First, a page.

The redirect technique behind Twitter's links

The redirect technique behind Twitter's links

While users would actually see the actual link in the user interface (either their browser or the Twitter app), the actual redirect behaviour works with an extra step via

In this article, I explain how Twitter outbound clicks work. Because users that are clicking on a link anywhere in the Twitter interface, aren't taken to that page in a straight line. This is how it works:

  1. Link shortening service
    Instead, Twitter first sends users to their a link-shortening service, called
  2. New HTML
    That page would return HTML containing a bit of JavaScript (and a refresh metatag as a no-JavaScript fallback).
  3. To the destination
    You would be redirected to the actual page you expected to go to.

There are some nuances here though. Your click on a link within the user interface would always go to This way, Twitter is able to measure the amount of clicks per link. Because data is important. But the response isn't always HTML. behaviour for real visitor

The response you will get, depends on your user agent string. This can easily be tested by using an online service:

  1. go to this online HTTP status code checker tool;
  2. fill in (which is a link that will go to the homepage of my site)
  3. check the result. It will show you a status code 200 right away, without a 301. See this screenshot taken from the test.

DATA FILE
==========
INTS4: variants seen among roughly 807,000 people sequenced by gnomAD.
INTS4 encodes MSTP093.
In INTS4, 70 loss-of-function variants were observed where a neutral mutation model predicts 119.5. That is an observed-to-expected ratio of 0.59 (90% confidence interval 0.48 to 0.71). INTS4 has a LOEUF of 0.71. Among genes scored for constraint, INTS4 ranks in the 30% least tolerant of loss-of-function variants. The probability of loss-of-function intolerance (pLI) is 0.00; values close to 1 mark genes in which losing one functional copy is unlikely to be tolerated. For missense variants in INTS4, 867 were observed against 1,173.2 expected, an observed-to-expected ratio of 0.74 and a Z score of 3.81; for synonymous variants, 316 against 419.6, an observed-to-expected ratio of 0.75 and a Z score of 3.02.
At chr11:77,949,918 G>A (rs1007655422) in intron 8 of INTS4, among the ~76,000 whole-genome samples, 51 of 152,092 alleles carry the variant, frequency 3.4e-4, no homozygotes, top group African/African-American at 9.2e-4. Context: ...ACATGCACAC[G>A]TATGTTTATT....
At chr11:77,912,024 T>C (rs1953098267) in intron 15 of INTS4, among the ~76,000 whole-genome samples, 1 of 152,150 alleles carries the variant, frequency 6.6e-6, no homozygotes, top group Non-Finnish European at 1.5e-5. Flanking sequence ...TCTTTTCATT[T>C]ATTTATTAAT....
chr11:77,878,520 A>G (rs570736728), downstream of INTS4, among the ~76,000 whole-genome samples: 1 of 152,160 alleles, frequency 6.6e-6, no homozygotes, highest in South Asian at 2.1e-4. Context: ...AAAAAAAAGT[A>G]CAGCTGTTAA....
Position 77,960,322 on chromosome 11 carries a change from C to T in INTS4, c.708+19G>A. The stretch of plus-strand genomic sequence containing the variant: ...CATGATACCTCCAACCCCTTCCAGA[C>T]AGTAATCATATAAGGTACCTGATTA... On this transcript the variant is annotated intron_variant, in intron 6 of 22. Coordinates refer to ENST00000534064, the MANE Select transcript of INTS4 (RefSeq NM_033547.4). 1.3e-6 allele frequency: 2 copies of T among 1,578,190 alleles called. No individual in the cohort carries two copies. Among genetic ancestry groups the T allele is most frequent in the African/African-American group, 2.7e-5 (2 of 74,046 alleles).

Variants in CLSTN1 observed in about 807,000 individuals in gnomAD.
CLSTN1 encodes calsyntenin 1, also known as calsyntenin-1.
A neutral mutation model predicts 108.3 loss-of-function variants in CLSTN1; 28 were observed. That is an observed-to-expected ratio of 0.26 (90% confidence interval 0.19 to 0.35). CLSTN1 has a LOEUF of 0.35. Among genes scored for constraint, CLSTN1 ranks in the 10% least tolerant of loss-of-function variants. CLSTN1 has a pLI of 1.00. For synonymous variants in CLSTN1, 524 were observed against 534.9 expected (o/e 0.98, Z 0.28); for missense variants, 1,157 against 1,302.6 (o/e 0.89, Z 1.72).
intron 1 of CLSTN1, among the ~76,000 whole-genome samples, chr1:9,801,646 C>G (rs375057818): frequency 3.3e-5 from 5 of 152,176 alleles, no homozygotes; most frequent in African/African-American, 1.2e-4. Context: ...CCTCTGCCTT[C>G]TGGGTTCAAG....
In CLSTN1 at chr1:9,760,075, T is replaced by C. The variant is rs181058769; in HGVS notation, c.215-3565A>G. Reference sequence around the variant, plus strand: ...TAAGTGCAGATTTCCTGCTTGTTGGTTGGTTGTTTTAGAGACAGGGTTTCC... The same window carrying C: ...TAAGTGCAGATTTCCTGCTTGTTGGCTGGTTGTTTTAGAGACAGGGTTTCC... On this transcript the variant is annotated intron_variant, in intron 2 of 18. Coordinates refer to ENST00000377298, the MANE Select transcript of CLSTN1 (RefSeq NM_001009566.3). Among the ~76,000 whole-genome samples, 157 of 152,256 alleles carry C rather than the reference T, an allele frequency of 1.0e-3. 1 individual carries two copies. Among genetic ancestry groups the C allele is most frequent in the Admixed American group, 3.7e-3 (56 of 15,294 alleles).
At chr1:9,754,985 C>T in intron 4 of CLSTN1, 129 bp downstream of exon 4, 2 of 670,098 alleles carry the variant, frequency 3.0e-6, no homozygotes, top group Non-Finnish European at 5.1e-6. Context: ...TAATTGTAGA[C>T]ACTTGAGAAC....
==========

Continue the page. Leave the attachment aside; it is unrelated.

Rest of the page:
But when visiting, you are actually redirected. And all SEO specialists know that redirects are supposed to be 301 or 302's. So what is happening?

HTML is being returned

Instead of doing a server side redirect that would typically come with a status code of 301 or 302, will just return HTML. And that's an existing page, meaning you will get a 200 status code. Below is the full HTML code (screenshot) and JavaScript as part of the HTML that the browser would receive:

window.opener = null; location.replace("")

Redirect behaviour for bots

Bots however are treated different. When going back to, you will see an option to change the user agent, aligned to the right below the textarea. It will use your user agent string by default, and pass it on as browser information to the URL that you are testing.

That way, the receiving domain (in this case, thinks it is dealing with a real browser and likely a real user. Likely, because Lighthouse is an example of an automated tool sending along browser information, but obviously is not a real user. will do a server side redirect

Now change the User Agent into something that will be identified as a bot. For example LinkedIn bot or Slackbot. Not sending any user agent information might lead to a time-out as such requests might be filtered and denied by Twitter's link shortening service.

You will then see that the first pagehit ends up with a redirect. See the screenshot below, taken from when tested as a bot.

When comparing it with the previous screenshot when tested with an actual browser, we see that:

  • there is a 301 right away;
  • as a matter of fact, there is no content-length as no HTML nor JavaScript is returned;

Why differentiating behaviour between bots and real users?

Obviously, only Twitter knows, but the reason might be as following.


When using redirects for bots, it's easier for bots to determine behaviour when the redirect-information is part of the headers (basically how is able to see the redirects when it's a server side redirect);

Real users

Using a JavaScript redirect in case of a real user will:

  • help flowing information to the destination that would not happen in case of a server side redirect.
    By using document.referrer, they will be able to determine that the visitor came from, of which analytics specialists know is part of Twitter/X;
  • prevent adding too much delay to the destination's TTFB in their pagespeed data. TTFB only starts tracking when the javascript redirect is executed, and not when a user actually clicked on a link in their interface/feed.